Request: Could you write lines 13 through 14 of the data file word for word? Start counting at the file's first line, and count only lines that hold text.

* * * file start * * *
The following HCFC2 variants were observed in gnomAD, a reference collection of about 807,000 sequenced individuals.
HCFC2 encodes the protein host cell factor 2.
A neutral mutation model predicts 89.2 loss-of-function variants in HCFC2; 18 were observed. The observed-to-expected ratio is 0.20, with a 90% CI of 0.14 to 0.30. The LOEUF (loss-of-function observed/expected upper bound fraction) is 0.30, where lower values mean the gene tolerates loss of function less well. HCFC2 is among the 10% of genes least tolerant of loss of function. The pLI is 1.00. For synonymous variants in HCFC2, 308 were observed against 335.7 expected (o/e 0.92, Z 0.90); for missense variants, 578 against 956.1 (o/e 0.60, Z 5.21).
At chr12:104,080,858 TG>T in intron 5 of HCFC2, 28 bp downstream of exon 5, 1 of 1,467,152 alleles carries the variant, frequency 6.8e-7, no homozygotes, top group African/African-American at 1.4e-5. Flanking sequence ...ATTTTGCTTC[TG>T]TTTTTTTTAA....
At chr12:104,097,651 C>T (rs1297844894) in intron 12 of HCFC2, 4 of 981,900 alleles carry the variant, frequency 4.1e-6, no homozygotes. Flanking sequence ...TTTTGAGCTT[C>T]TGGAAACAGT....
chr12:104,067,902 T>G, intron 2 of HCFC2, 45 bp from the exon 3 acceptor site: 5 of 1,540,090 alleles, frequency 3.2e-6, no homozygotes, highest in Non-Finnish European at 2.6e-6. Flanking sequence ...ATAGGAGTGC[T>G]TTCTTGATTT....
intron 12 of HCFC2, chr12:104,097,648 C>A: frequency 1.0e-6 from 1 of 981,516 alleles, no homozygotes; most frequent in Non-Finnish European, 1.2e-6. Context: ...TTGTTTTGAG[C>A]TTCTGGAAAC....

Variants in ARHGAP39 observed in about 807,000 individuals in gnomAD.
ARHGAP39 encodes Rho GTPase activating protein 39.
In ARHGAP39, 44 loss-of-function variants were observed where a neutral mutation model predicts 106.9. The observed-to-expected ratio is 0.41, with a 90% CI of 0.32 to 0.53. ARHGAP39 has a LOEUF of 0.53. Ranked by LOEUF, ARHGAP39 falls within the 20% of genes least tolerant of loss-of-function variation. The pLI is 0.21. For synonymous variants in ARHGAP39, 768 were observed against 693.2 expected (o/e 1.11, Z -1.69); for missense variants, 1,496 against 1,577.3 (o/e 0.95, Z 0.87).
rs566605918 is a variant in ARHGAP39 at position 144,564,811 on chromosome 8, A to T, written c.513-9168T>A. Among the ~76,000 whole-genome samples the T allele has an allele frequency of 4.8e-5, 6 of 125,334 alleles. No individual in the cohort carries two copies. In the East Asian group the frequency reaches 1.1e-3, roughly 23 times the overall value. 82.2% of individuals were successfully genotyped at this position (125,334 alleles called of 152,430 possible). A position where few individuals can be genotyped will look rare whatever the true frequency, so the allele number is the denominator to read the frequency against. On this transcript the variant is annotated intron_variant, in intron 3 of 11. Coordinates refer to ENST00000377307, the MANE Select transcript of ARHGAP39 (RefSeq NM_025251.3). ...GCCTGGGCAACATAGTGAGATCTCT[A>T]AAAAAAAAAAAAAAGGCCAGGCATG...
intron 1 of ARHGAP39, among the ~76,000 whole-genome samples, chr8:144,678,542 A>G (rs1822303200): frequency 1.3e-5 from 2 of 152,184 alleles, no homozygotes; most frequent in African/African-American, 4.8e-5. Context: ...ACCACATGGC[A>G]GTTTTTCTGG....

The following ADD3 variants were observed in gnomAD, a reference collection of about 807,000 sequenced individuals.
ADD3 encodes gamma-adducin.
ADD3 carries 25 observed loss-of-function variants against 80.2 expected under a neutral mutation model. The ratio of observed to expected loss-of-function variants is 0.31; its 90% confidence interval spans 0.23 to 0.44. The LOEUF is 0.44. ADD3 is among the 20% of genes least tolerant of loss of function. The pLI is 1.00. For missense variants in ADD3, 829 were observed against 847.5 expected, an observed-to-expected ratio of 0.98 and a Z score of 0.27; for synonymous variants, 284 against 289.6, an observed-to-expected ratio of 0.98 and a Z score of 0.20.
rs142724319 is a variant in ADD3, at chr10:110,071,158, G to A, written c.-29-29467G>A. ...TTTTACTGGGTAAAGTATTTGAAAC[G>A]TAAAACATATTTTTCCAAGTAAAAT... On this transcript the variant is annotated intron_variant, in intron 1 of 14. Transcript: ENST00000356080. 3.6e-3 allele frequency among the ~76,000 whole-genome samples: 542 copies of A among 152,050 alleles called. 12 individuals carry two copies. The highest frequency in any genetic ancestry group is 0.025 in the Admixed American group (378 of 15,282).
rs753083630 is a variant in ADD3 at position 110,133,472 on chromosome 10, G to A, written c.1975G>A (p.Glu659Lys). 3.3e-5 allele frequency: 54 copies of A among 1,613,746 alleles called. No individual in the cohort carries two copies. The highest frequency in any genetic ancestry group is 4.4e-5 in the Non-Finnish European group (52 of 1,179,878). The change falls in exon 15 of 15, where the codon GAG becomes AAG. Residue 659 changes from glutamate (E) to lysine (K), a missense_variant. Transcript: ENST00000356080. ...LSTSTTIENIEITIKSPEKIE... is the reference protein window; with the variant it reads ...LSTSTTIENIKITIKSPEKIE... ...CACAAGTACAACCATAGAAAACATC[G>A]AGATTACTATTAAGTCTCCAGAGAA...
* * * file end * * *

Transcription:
The following ADD3 variants were observed in gnomAD, a reference collection of about 807,000 sequenced individuals.
ADD3 encodes gamma-adducin.